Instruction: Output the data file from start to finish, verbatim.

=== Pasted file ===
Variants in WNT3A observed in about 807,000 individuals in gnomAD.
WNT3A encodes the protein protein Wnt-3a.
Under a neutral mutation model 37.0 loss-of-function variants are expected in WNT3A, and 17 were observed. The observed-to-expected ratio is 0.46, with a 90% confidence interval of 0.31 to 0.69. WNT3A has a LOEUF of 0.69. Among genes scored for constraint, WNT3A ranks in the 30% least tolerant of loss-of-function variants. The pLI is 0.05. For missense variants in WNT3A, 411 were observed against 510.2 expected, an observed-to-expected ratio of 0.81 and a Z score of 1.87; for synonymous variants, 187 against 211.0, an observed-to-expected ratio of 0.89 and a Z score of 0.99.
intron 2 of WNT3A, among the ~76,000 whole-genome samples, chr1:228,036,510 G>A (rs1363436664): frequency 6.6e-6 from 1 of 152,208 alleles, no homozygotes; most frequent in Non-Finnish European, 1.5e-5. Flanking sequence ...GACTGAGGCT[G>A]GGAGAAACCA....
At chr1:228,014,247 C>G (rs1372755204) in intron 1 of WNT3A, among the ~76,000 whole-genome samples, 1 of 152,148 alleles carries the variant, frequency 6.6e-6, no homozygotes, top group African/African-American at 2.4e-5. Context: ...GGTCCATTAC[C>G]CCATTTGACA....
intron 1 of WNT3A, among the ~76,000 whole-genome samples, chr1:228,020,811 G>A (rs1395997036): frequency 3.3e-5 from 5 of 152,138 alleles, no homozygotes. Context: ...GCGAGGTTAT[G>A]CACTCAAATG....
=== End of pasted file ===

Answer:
Variants in WNT3A observed in about 807,000 individuals in gnomAD.
WNT3A encodes the protein protein Wnt-3a.
Under a neutral mutation model 37.0 loss-of-function variants are expected in WNT3A, and 17 were observed. The observed-to-expected ratio is 0.46, with a 90% confidence interval of 0.31 to 0.69. WNT3A has a LOEUF of 0.69. Among genes scored for constraint, WNT3A ranks in the 30% least tolerant of loss-of-function variants. The pLI is 0.05. For missense variants in WNT3A, 411 were observed against 510.2 expected, an observed-to-expected ratio of 0.81 and a Z score of 1.87; for synonymous variants, 187 against 211.0, an observed-to-expected ratio of 0.89 and a Z score of 0.99.
intron 2 of WNT3A, among the ~76,000 whole-genome samples, chr1:228,036,510 G>A (rs1363436664): frequency 6.6e-6 from 1 of 152,208 alleles, no homozygotes; most frequent in Non-Finnish European, 1.5e-5. Flanking sequence ...GACTGAGGCT[G>A]GGAGAAACCA....
At chr1:228,014,247 C>G (rs1372755204) in intron 1 of WNT3A, among the ~76,000 whole-genome samples, 1 of 152,148 alleles carries the variant, frequency 6.6e-6, no homozygotes, top group African/African-American at 2.4e-5. Context: ...GGTCCATTAC[C>G]CCATTTGACA....
intron 1 of WNT3A, among the ~76,000 whole-genome samples, chr1:228,020,811 G>A (rs1395997036): frequency 3.3e-5 from 5 of 152,138 alleles, no homozygotes. Context: ...GCGAGGTTAT[G>A]CACTCAAATG....